Professional services firms, including accountants, are high risk targets as they act as “aggregators” of sensitive information and cyber risk and incidents remain a regular feature in news headlines around the world. This is most recently illustrated by the colossal breach of the IT systems of Panamanian law firm Mossack Fonseca (see our article on the Panama Papers for more detail of this). The threat is so wide ranging that tackling the subject and deciding how to mitigate the risk can be a real challenge for professional service firms, including accountants.
In some ways the term "cyber" has been helpful in raising awareness of technology-linked risks but at the same time this amorphous term can be confusing when it comes to identifying what the related risks are. If national governments and global financial institutions have yet to agree the scope of cyber risk (there is no comprehensive framework for the risk assessment of cyber catastrophes), then there should be a healthy dose of sympathy for a typical accountancy firm trying to do the same.
One simple view of “cyber risk” is to break it down into two concepts: operational and informational risk.
Operational cyber risk arises out of a firm's unprecedented reliance on electronic systems and the devastating effect on business that can occur when those systems are interrupted or interfered with. In January, Lincolnshire County Council lost access to its systems for over a week following a fairly unsophisticated cyber attack.
In February 2016, as part of a seminar on cyber business interruption, we considered a case study involving a fictional law firm called Uber Law which fell victim to a malware attack and suffered 3 days of interruption as it had to rectify 300 infected computers. You can watch a summary of the case study here, and the entire seminar here.
The financial losses suffered by professional service firms due to operational cyber risks are typically not insured under their industry's Minimum Terms, driving demand for new dedicated cyber coverages either as standalone policies or as an “add-on” to existing policies.
Informational cyber risk arises out of the legal and commercial risks attaching to data and information. Accountancy firms are no different to any other company in holding ever increasing volumes of electronic data. While many firms will have already taken steps to ensure the security of the data that they hold, the ever-changing cyber environment means that it can be challenging for firms to keep up with new developments and the associated risks. As a result, cyber security measures should be reviewed and updated regularly.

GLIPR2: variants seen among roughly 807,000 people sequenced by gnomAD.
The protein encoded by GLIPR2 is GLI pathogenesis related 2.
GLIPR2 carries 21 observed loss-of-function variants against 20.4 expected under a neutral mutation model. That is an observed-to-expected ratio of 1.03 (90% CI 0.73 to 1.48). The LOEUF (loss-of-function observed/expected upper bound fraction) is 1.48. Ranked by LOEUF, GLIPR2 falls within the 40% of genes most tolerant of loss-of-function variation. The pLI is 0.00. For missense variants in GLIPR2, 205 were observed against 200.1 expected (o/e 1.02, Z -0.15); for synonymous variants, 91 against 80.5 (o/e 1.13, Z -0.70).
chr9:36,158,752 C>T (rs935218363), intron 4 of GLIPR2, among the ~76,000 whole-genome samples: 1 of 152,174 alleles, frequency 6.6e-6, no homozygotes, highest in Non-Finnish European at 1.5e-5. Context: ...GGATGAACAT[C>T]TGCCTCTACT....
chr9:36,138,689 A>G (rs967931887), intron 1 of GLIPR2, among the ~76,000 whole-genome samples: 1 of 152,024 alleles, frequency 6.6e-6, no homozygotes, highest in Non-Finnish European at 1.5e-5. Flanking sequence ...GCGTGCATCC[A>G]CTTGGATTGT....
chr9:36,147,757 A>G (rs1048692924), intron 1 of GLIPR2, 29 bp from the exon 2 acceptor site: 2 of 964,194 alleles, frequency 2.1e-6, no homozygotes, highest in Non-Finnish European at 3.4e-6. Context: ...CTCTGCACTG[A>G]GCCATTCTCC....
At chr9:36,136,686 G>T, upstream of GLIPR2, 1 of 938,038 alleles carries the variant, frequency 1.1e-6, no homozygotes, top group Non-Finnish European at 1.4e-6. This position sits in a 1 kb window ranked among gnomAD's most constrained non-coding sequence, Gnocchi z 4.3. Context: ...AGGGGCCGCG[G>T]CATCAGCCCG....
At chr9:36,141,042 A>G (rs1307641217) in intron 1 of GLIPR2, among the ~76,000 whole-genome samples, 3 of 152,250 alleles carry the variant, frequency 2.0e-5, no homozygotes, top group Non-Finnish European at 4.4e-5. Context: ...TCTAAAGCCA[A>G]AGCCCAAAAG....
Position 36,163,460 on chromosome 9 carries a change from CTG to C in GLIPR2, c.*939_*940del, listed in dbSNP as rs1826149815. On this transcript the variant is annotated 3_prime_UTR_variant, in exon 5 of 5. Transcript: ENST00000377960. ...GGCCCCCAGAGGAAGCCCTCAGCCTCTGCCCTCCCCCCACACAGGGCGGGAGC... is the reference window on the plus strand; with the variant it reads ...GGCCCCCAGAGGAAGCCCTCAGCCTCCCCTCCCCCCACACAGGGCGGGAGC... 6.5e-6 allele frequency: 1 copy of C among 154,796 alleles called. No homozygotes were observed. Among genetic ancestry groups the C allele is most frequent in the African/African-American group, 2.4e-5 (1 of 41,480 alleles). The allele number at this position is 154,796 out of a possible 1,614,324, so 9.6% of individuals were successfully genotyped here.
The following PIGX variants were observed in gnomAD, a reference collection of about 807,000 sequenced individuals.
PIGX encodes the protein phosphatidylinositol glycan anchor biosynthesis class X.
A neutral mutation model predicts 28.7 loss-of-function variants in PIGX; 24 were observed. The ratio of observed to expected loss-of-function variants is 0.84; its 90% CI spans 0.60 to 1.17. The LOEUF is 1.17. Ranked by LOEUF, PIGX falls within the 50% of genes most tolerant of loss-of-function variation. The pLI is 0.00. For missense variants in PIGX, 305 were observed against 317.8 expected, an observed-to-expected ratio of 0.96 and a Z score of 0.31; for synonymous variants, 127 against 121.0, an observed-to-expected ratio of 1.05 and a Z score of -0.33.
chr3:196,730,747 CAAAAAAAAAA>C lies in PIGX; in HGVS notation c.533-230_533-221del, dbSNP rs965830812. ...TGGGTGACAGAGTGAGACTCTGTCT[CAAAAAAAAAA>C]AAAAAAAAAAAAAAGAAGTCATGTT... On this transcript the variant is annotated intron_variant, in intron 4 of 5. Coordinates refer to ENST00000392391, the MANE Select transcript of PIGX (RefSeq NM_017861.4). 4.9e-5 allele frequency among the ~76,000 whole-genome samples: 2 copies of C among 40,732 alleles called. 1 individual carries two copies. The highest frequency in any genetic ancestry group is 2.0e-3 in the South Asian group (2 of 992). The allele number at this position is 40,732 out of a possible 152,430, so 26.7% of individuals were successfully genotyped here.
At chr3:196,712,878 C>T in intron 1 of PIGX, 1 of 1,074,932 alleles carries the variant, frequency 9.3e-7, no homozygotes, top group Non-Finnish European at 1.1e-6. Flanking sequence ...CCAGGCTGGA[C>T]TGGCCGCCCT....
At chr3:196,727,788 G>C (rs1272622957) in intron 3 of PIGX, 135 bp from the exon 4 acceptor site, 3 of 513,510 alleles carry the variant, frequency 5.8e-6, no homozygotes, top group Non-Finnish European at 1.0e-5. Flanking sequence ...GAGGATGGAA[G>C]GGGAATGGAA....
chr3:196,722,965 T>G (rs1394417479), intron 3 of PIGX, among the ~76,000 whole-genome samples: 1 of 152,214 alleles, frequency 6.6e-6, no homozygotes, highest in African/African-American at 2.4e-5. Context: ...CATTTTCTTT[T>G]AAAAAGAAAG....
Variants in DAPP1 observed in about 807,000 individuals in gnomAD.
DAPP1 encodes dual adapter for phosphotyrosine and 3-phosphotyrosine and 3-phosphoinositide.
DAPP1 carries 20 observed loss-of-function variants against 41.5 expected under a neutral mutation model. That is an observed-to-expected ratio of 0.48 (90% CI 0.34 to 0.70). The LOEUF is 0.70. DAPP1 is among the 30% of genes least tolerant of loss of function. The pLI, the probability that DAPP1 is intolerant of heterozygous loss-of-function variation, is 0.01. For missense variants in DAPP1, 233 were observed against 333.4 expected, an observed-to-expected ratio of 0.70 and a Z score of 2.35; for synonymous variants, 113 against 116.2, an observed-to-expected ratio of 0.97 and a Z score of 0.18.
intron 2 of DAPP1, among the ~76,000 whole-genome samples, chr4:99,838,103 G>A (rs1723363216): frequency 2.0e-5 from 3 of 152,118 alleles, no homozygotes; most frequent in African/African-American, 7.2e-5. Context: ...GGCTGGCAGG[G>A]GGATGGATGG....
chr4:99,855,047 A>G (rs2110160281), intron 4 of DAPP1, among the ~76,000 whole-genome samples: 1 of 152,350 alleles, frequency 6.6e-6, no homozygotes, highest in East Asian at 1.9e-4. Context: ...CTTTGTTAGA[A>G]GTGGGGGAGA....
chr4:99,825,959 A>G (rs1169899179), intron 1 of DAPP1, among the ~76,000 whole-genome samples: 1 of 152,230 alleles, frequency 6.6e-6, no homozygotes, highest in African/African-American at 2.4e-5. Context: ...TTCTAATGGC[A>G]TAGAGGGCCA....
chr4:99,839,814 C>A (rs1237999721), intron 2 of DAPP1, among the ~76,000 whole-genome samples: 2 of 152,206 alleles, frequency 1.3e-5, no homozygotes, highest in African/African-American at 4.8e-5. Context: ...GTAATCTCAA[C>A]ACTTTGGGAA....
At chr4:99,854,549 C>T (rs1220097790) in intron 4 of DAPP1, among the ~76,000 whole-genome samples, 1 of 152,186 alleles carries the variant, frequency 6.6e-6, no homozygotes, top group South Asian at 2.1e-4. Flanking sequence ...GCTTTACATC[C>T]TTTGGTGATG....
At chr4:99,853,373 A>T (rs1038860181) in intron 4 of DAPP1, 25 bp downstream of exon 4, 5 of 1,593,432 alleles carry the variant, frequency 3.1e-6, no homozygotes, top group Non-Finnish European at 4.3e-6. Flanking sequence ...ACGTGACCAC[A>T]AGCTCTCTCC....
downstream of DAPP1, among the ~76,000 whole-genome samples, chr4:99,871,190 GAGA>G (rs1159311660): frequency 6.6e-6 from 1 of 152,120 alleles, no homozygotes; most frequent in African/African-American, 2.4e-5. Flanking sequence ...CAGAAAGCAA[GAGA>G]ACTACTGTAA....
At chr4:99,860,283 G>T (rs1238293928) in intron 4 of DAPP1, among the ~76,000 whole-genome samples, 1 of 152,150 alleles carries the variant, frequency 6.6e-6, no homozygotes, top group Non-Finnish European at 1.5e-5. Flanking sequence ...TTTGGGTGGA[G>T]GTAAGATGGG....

The massive data breach suffered by Mossack Fonseca grabbed headlines around the world and demonstrated the informational risk that professional service firms carry not only for their clients, but their clients’ clients. For many years, cyber security commentators have warned how professional services firms, including accountants, are high risk targets as they act as “aggregators” of sensitive information.
The Panamanian breach and other high profile data breaches in the UK have served to highlight how unacceptable it is for companies not to have a clear understanding of what data they hold, what they are doing with it, and how it is secured. One security commentator remarked that Mossack Fonseca showed an “astonishing” disregard for security.
When considering the operational and information aspects of cyber risk, it quickly becomes clear that cyber is a risk that can only be mitigated and not eliminated. Therefore, companies should also prepare and rehearse for cyber and data breach incidents, and consider purchasing cyber insurance coverage.
Ensuring that the following precautions are in place and up to date may help minimise the risk of a data attack:
- Ensure there is appropriate vetting of employees with access to confidential data;
- Require employees to change passwords frequently;
- Use additional layers of IT security for those accessing data remotely such as home workers;
- Ensure IT is properly managed and overseen by senior IT members responsible for an efficient and modern system (adopting the best security practices available);
- Ensure appropriate IT education is given to staff;
- Restrict those employees/officials who can access the entire internal system;
- Spread data across multiple infrastructures to limit the impact of a leak;
- Prepare a response plan that will respond in the event the system is attacked; and
- Review your IT policy and cyber security measures regularly to ensure that they are up to date and effective.